My wife lost a credit card at a store the other day. When she realized what had happened, she called the store, and they tracked down the card and promised to send it right away. A week later, it was still AWOL, and she talked to the store manager. Rather firmly. Two days later, still missing. Now she was good and upset and would have gone in herself if the store wasn't a couple hours away. But then the store manager jumped in her car and-in spite of being ill with a fever-delivered the card in person along with apologies and a gift basket.
Is this good leadership? At first it seems like it might be. The manager leapt into action to rescue a customer relationship and set a great example for her employees to follow. What better way to lead than by example? But if you look a little closer...
Let's take a look at the sequence of events: First, the employee at the register forgot to hand the card back. Second, another employee forgot to mail the card. Third, when the card was finally mailed, the address was butchered, so the envelope made a slow circular loop back to the store. By the time these mindless errors had taken their toll, the manager had a real emergency on her hands. So what did she do? She rushed to rescue her employees from their own incompetence. Now what lesson exactly does this teach the employees?
If you want your people to improve consistently, you need to use problems to encourage learning. And learning requires thinking. But as this manager demonstrates, it is easy to find you've let people get away with thoughtlessness.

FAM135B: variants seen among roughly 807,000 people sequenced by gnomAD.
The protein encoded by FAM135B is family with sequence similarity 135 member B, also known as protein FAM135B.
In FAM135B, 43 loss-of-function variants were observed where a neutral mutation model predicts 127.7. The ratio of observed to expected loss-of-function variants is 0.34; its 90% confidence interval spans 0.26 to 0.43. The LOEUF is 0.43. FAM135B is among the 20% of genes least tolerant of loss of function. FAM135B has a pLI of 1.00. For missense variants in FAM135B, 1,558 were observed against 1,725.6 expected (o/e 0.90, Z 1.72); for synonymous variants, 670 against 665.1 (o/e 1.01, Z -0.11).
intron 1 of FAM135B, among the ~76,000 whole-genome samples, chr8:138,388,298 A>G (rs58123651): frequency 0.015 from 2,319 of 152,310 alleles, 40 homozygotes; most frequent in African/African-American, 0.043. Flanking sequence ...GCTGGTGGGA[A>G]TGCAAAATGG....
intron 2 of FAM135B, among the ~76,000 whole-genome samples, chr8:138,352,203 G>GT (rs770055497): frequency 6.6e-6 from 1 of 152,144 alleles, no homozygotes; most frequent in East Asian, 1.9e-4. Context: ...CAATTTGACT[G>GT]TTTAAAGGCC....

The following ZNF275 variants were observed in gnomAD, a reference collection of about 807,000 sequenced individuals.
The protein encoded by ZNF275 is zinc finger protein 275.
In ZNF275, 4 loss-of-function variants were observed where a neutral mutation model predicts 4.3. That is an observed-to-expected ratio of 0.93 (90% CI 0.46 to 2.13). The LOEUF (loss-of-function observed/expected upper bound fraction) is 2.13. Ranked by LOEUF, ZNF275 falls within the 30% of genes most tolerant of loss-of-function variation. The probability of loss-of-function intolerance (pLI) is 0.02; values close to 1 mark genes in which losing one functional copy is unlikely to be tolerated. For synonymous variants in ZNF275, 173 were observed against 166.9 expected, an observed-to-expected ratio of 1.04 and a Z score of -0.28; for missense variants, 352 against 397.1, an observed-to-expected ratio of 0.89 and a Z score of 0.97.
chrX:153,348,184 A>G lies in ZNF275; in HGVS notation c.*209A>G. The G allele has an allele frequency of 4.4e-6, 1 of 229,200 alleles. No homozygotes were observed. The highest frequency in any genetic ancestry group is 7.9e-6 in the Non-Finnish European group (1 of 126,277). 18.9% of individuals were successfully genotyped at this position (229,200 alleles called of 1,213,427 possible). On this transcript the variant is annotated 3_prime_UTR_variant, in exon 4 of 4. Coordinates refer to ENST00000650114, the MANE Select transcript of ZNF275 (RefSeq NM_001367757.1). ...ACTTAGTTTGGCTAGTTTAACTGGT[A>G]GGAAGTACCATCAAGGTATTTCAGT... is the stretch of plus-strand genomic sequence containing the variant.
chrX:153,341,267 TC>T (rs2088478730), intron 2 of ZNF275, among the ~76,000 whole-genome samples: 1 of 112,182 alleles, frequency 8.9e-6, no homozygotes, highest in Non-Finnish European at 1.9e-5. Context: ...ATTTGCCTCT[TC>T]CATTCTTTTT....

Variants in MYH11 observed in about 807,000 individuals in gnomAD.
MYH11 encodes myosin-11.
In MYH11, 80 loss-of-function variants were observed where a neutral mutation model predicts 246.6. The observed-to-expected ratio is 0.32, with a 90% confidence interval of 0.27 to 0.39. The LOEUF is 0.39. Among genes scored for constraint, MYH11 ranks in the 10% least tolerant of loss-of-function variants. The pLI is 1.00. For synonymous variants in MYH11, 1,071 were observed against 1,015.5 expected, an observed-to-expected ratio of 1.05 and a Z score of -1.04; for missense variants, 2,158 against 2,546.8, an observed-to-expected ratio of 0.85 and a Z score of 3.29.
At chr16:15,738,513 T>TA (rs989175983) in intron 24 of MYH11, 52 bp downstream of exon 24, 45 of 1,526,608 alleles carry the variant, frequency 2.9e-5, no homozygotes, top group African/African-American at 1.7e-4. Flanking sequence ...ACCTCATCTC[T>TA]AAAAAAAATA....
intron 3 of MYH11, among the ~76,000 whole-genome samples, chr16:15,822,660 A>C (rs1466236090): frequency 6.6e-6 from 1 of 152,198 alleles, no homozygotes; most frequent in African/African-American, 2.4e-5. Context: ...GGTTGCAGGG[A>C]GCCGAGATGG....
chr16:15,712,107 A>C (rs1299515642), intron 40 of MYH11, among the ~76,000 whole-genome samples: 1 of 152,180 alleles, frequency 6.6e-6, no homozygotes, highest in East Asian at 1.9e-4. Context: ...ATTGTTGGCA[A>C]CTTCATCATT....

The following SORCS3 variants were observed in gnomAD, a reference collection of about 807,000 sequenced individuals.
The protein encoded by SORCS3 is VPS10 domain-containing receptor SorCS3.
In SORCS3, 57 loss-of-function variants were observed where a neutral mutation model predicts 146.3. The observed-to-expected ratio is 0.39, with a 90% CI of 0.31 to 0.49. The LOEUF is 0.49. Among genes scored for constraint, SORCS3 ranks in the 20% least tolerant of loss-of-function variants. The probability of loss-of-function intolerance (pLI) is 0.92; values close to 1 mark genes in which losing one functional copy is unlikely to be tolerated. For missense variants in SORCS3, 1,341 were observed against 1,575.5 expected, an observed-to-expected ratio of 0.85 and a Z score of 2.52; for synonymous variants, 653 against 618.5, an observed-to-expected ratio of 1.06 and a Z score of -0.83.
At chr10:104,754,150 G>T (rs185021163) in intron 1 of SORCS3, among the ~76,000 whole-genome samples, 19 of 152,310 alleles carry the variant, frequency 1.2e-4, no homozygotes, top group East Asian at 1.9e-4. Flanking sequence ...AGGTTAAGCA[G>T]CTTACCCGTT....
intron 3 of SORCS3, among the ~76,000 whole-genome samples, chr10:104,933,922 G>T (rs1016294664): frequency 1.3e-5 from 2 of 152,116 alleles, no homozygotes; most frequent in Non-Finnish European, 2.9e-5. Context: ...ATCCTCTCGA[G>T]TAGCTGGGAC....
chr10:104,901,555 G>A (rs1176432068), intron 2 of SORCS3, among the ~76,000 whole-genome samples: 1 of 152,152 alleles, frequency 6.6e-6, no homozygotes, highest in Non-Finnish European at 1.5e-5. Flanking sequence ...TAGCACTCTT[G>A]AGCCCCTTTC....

You don't get people more engaged with their work by rescuing them. Or by telling them what to do. Or even by bribing them with rewards for doing better. All those approaches reinforce mindlessness. Instead, you need to use errors and problems as opportunities to get employees thinking. For example, when something goes wrong you can:
Ask why it happened. Probe for answers having to do with how the work was done, not who done it. The blame game won't help prevent similar errors next time. You've got to get employees to evaluate and improve their own methods.
Ask for multiple ways to fix the problem, since employees too often do the first thing they think of and fail to consider other options. For instance, would an employee have come up with the idea of giving a gift basket?
Ask employees to come up with their own rescue plan instead of taking over for them. Again, ask for multiple ideas-then guide them to selection of the best one. In the case of the missing credit card, the employees could have used a courier service or one of them could have made the drive. (Hint: The best idea is definitely not the one in which the leader rushes in to fix everything while employees act helpless and incompetent.)
All these approaches ask employees what to do rather than tell them. Traditionally, we business owners and managers have done most of the talking, but that means we are doing most of the thinking, too.
So if your employees don't seem to be thinking very hard, look at the bright side. Every time something goes wrong, it's a chance to get them thinking. And don't pass up these opportunities. Each time you tell your people what you think, you are telling them what to think. And that means you may be excusing them from thinking at all.
Alex Hiam is the founder and director of Alexander Hiam & Associates, a management consulting firm, and a publisher of tools for corporate trainers. He is the author of Streetwise Motivating & Rewarding Employees, The Vest-Pocket CEO, Marketing for Dummies and other popular books, and he has worked with a variety of high-tech start-ups and family-owned businesses.